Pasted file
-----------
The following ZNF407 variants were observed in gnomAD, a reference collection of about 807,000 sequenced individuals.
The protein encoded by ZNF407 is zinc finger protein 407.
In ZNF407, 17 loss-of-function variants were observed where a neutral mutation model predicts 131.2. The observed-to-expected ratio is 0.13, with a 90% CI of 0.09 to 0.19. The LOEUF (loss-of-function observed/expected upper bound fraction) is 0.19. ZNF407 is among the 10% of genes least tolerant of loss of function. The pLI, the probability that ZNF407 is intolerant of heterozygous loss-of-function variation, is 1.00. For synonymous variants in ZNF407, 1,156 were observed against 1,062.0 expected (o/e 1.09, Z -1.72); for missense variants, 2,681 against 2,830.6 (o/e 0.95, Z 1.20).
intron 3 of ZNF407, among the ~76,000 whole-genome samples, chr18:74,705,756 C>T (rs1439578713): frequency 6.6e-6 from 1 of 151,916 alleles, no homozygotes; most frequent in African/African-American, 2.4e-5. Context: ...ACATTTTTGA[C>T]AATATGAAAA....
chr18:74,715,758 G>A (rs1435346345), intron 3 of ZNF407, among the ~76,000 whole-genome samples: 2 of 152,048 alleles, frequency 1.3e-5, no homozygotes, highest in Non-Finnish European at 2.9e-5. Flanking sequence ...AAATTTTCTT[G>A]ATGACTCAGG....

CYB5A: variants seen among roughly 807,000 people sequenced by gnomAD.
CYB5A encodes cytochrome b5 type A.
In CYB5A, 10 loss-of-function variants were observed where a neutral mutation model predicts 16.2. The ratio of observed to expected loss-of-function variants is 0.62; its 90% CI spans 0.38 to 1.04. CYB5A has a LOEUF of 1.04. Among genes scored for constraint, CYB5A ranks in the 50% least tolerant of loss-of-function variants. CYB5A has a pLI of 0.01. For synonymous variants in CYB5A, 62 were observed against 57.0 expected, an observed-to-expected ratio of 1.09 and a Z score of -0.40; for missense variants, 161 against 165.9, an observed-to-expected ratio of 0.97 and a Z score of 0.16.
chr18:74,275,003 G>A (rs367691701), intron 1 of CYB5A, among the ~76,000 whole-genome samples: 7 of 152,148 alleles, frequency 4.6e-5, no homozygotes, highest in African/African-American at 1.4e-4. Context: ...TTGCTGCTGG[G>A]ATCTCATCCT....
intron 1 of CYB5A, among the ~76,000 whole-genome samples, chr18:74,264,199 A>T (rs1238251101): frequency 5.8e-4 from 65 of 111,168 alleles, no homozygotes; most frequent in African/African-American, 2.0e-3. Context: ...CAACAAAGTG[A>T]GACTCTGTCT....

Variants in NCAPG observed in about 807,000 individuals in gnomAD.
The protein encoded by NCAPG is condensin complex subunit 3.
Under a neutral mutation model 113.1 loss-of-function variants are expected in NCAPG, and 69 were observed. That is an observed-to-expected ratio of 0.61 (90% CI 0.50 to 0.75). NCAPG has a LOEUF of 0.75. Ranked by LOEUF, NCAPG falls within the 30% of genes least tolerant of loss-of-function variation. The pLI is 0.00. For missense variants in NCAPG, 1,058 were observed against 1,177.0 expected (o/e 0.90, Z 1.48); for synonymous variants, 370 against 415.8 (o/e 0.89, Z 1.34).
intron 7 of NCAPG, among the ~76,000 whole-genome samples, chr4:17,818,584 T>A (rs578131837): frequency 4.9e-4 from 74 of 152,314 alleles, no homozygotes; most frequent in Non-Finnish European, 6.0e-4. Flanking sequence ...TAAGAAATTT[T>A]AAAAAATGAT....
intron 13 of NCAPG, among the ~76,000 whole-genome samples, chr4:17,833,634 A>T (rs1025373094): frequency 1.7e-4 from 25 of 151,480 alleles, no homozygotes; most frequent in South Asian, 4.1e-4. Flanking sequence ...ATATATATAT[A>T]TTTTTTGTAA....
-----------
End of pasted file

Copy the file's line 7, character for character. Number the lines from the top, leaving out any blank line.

CYB5A encodes cytochrome b5 type A.